Keen Ice, who finished 5 ¼ lengths behind winner Gun Runner, is now pointing toward the Grade 1, $750,000 Jockey Club Gold Cup on October 7 at Belmont Park, Pletcher said.
While Keen Ice might bypass the Grade 1 Woodward on September 2, Neolithic is targeting the 1 1/8-mile race on the main track following an allowance win by a neck at seven furlongs in Saturday's finale at the Spa. The win marked his return to North America after running third in the Group 1 Dubai World Cup, setting up a potential matchup against Gun Runner.
"I thought he ran well," Pletcher said. "He had a little freshening at WinStar and got a little sick when he first came back, so we had a tight schedule to get to that. I think he overcame a less-than-ideal schedule and not his preferred distance, but I was proud of him for putting in that kid of run.
"He kind of got pushed out a little bit but showed some real determination," he added. "We're going to move forward from that race and run a mile and an eighth, which is more in his wheelhouse. Gun Runner is very good, so we'll do the best we can."
Patch, the Grade 1 Belmont Stakes third-place finisher, came out of his fourth-place finish in the Grade 3 West Virginia Derby Saturday without any issues, Pletcher said.
The trainer said hasn't made a determination for Patch's next spot, adding that he is waiting to see options after a difficult trip at Mountaineer Park.
"Mountaineer is a funny track and I was a little concerned when he drew the 3 [post]; you don't want to be on the inside in that track," Pletcher said. "I thought he ran hard and tried hard, but it's a difficult assignment when you get stuck down inside all the way around there."
Pletcher said the situation for his 3-year-olds hasn't changed, with Belmont Stakes-winning Tapwrit still on target for the Grade 1, $1.25 million Travers presented by NYRA Bets on August 26.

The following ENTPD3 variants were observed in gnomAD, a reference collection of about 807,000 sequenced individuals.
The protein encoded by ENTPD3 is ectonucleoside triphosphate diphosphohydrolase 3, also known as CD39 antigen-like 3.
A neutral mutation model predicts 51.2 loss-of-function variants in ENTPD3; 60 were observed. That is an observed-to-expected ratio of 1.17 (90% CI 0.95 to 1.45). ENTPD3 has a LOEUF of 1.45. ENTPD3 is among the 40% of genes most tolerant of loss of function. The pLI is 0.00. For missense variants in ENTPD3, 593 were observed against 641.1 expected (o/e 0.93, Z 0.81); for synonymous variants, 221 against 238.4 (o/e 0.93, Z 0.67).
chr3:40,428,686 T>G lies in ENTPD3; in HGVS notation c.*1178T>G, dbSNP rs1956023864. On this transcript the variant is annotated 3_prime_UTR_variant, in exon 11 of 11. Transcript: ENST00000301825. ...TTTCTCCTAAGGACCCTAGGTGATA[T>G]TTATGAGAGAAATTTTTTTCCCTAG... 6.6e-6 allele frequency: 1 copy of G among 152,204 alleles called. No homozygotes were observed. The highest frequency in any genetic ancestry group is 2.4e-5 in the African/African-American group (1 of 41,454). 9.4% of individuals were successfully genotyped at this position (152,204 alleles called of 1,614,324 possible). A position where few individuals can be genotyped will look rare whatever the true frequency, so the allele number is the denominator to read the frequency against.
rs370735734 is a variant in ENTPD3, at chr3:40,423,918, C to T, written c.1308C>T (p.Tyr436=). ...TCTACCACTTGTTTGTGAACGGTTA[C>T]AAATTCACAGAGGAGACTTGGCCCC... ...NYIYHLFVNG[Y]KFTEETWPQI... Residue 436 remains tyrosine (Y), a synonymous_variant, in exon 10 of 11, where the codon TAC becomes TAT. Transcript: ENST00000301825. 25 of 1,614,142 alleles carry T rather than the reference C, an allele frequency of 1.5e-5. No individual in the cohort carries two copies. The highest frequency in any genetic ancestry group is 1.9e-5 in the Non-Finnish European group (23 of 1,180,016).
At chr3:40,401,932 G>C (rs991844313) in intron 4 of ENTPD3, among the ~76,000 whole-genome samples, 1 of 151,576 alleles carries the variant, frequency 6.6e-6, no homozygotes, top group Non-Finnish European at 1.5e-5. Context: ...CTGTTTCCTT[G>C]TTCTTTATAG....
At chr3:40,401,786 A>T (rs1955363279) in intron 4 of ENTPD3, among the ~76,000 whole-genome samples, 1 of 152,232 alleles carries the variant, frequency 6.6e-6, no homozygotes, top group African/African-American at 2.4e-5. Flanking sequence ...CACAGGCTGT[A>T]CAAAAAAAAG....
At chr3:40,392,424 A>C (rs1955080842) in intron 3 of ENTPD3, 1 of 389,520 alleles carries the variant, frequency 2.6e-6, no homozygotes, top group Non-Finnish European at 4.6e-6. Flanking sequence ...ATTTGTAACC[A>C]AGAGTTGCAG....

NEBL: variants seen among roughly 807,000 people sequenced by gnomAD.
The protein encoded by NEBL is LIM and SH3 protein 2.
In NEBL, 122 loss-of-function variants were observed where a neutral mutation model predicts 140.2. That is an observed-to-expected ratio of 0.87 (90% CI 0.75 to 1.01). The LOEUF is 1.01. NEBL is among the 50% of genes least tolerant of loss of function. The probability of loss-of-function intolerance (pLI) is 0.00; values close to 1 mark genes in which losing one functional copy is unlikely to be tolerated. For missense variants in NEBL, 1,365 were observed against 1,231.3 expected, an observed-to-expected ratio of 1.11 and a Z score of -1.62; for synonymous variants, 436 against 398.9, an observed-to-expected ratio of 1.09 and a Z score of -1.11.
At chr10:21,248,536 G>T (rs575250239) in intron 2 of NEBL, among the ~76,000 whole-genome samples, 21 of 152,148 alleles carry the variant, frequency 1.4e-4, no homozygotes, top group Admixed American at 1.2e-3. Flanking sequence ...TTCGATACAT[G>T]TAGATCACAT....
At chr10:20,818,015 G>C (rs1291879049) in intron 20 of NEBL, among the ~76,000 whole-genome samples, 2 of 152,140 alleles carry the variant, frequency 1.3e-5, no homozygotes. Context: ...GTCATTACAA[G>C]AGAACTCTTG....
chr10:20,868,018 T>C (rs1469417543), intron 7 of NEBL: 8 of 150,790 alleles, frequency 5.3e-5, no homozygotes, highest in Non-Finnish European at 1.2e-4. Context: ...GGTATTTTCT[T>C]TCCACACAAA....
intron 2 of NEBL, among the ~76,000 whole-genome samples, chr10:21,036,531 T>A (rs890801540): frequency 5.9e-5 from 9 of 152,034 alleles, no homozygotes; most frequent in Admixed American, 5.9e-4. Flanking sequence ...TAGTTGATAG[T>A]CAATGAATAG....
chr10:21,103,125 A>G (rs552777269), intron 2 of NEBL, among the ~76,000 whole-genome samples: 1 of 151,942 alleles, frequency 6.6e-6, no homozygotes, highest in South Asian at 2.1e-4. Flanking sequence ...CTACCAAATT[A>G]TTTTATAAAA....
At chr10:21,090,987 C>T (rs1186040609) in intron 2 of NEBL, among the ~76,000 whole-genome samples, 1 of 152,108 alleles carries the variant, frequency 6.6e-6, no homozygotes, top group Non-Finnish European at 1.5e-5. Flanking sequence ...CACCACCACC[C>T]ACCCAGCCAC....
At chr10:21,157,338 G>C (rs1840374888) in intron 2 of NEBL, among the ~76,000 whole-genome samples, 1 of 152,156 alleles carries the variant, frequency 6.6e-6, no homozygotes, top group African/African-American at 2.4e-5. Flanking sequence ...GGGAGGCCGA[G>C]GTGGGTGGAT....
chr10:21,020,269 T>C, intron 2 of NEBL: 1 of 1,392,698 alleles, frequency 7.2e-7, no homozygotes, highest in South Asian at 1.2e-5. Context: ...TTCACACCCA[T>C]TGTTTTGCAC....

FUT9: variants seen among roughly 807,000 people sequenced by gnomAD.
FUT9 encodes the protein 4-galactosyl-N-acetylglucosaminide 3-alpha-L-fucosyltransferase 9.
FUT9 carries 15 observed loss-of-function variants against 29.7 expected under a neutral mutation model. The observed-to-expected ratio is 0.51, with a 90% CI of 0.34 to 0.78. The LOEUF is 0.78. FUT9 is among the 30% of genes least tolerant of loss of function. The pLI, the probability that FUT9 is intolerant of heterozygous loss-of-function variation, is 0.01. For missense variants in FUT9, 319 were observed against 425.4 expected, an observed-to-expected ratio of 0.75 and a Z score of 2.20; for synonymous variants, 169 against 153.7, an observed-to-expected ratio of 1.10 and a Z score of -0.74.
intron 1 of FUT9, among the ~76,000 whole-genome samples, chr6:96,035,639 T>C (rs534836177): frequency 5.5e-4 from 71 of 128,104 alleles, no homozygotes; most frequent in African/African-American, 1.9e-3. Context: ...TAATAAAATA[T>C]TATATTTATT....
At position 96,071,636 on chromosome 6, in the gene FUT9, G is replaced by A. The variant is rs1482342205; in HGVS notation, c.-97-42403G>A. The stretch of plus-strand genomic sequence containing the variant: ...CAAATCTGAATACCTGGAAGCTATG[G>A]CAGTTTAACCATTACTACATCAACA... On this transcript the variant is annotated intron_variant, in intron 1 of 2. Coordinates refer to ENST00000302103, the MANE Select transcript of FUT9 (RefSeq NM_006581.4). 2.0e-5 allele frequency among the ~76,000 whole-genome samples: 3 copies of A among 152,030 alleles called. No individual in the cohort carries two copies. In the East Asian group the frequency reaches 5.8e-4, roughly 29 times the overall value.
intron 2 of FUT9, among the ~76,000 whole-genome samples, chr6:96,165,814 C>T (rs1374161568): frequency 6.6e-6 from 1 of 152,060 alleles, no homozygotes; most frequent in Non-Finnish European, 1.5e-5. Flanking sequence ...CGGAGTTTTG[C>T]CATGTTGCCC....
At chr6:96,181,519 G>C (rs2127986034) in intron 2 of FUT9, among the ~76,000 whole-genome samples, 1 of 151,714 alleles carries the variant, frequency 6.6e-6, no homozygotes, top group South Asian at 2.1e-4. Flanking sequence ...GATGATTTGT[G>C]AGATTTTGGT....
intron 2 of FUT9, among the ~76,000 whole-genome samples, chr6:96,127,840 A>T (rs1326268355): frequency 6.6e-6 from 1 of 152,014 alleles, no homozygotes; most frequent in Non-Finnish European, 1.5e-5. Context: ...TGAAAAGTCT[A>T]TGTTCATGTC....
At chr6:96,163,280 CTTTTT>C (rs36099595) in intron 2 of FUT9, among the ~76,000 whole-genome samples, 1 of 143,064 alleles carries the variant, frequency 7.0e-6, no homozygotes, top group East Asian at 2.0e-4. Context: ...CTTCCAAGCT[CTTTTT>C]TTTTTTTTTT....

Always Dreaming, the Grade 1 Kentucky Derby winner and third-place finisher in last week's Grade 2 Jim Dandy, and Outplay, the Bernardini colt who won the Curlin on July 28 at the Spa, will have their futures determined after next week's breezes, Pletcher said.
"Tapwrit is definitely on schedule for the Travers and we'll see how Always Dreaming and Outplay work next week and go from there," he said.
Bal Harbour, who finished fifth in his stakes debut in the Grade 3 Sanford on July 22, will run in the Grade 2, $200,000 Saratoga Special on August 13, joining stablemate Tempestad.
Bal Harbour was second in his debut on May 12 and broke his maiden on June 8 at Gulfstream Park before taking the step up in class at the Spa. He breezed four furlongs in 49.45 seconds on the Oklahoma dirt track Sunday.
"I thought he ran better than what it reads on paper in the Sanford," Pletcher said. "Especially the way the track was that time. He got shuffled around a bit and lost some ground on the far turn with all the kickback. Once he leveled off late, he put in a decent run. I thought he worked well this morning, so we should be good with him."
Fellow 2-year-old Tempestad, an Uncle Mo colt, won his debut on May 18 at Belmont Park and will be looking to go 2-for-2, racing at 6 ½ furlongs. Tempestad breezed five furlongs in 1:02.73 on the Oklahoma track Sunday.
"I thought he worked well; it was what I was hoping for," Pletcher said.
Pure Silver, a 2-year-old Mission Impazible filly, also worked Sunday, logging five furlongs in 1:02.65 on Belmont's training track. After starting her career with two straight wins, Pletcher said her graded stakes debut could come in the Grade 2, $200,000 Adirondack on August 12.